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  • unmanneddrone 11:48 am on February 4, 2011 Permalink
    Tags: games to movies,   

    @RedSwirl I personally think horror is a more malleable concept than pure action, or any of the other sub-genres listed. Especially when it comes to playing that balancing act of game nerd-wanking fan service and broader appeal. The concept of situational horror is a lot more flexible because it’s not so heavily tied down by this prior duality. Horror has a universal appeal, regardless of who is in the protagonist’s seat – and let’s get down to brass tacks here, there’s a lot less at stake when horror’s laws come into play. Survive. Escape. Elude or best a frightful antagonist or antagonists. A far more flexible framework than “So, you’re saying this guy is kinda like Indy? Who is he? What’s this treasure? Oh, like that Nic Cage movie?”

    Resident Evil is as much a popcorn horror series as that glut of teen-slasher films from the mid 90s. It has gore for the vicarious thrill-seeking teens, a bit of stalwart fan-service with some old friends for those in the know, plus a darker adventure-style bit of pop-corn Zeitgeist jabbing with the undead. And Milla Jovovich. I think you’re reading too much into what Joe Shmoe is getting out of it when you’re including “it’s the fresh edge the military industrial complex brings to walking corpses”. Simply more armaments to play whilst pressing similar buttons.

    I can’t agree that the Silent Hill movie doesn’t strip its conventions from the full-circle movie-to-game-to-movie rigmarole. It’s a little bit more surreal than your average shlocker, but that’s more a product of the director enjoying a little French flair and the potent source material.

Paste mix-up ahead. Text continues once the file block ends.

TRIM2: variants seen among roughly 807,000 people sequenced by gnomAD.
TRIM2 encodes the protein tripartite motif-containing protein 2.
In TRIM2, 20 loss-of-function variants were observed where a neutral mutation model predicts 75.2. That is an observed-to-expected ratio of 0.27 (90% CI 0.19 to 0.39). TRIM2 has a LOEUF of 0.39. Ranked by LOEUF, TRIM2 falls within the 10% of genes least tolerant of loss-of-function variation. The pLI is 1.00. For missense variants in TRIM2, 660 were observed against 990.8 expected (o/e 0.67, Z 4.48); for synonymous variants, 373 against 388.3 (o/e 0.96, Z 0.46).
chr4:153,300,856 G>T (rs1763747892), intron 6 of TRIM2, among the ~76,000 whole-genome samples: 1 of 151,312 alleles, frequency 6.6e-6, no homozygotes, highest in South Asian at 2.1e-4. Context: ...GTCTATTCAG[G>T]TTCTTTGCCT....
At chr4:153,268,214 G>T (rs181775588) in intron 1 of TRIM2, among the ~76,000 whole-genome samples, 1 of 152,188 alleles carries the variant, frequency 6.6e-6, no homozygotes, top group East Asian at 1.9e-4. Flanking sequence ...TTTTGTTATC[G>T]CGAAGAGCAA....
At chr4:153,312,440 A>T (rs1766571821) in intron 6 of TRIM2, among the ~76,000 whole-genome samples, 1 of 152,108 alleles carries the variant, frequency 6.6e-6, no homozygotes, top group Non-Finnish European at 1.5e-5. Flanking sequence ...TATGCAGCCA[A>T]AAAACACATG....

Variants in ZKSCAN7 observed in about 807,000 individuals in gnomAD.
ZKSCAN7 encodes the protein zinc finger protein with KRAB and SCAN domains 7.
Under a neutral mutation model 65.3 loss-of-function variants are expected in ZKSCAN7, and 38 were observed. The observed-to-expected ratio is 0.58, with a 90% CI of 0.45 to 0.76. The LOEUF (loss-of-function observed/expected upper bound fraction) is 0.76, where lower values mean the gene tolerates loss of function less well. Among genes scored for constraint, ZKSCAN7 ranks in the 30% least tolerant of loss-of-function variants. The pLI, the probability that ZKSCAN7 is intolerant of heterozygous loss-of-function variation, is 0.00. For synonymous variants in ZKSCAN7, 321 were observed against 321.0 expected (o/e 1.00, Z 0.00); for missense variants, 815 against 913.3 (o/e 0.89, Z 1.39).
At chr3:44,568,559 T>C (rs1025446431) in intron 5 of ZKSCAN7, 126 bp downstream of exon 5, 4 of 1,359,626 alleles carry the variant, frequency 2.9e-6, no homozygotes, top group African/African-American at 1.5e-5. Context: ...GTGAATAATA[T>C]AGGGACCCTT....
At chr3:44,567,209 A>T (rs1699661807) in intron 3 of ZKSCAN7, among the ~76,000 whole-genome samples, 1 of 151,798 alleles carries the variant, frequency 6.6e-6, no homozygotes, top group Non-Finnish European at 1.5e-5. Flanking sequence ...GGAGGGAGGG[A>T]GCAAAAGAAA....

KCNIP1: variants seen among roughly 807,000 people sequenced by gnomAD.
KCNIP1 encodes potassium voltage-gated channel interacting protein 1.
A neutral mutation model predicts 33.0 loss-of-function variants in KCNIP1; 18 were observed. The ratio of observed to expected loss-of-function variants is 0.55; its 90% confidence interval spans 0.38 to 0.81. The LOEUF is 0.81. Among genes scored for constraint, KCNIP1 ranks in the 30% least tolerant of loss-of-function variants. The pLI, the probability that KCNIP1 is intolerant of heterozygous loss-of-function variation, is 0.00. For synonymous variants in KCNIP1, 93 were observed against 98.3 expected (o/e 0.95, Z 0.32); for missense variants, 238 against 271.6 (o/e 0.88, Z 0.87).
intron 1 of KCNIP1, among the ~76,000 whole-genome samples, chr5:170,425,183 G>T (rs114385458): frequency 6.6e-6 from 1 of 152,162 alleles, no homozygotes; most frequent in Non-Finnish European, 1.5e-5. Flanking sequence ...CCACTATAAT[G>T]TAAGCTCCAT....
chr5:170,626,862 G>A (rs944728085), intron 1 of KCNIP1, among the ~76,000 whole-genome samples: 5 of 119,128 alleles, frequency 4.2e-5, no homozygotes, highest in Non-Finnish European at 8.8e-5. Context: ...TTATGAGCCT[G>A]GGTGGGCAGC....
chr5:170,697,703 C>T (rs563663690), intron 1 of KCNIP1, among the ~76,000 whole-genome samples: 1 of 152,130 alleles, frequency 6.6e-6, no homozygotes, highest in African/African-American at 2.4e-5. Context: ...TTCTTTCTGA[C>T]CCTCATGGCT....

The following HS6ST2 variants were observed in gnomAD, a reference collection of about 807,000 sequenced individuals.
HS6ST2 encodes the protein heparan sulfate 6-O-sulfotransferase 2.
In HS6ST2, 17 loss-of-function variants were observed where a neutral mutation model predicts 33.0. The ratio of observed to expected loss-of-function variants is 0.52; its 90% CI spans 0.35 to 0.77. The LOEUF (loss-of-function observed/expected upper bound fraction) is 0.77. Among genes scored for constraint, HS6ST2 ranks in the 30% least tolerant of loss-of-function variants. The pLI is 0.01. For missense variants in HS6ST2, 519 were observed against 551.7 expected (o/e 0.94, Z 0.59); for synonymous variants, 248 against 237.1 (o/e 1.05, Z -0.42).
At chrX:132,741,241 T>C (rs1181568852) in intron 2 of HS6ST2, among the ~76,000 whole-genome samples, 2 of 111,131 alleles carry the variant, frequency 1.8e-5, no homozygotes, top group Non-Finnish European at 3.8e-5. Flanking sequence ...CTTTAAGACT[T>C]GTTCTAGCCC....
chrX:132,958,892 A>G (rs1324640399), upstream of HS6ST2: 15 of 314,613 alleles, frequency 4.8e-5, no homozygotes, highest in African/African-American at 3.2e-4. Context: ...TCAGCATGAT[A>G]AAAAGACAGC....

In summary, horror has an immediacy and can be worked and prodded on any budget in any direction – something I feel can’t be said for an action-crossover, which is built upon spectacle and set-piece and thus a very costly endeavour. I’d definitely put money towards the crossover set in misty corridors. Better chance of making money back, given its more universal appeal than the adventure-wannabe turkey that coasts into theatres with a cardiograph flatline in terms of audience interest.

    Anyway, enough of that. Here’s an airy little standby – What’re you troops playing/indulging in this weekend?

     
  • RedSwirl 12:16 am on February 4, 2011 Permalink
    Tags: games to movies   

    @unmanneddrone The problem with a Dead Space movie is that one already exists. It’s called Event Horizon.

    Similarly, an Uncharted movie already exists. It’s called National Treasure… and Indiana Jones… and Sahara. Naughty Dog will tell you this. I don’t think you could fit one more movie of that type in the pile and expect success.

    God of War? Clash of the Titans.

    Call of Duty? Every war movie ever.

    Resident Evil is at least unique for being a zombie fiction with a scientific, paramilitary angle, and what it borrows from cinema it borrows so lightly and so widely as to create its own identity from the mix. Silent Hill, same thing.

    The Dead Space license, while consisting of solidly made games, is ultimately a generic one when it comes to the aesthetic and the overall story. Call of Duty, as exceptionally well-made as it is, is also generic as shit. Go ahead and ask yourselves what the COD games are actually about. It just happens to be the one generic game that managed to rise to the top of the generic pile and be recognized for that.

     
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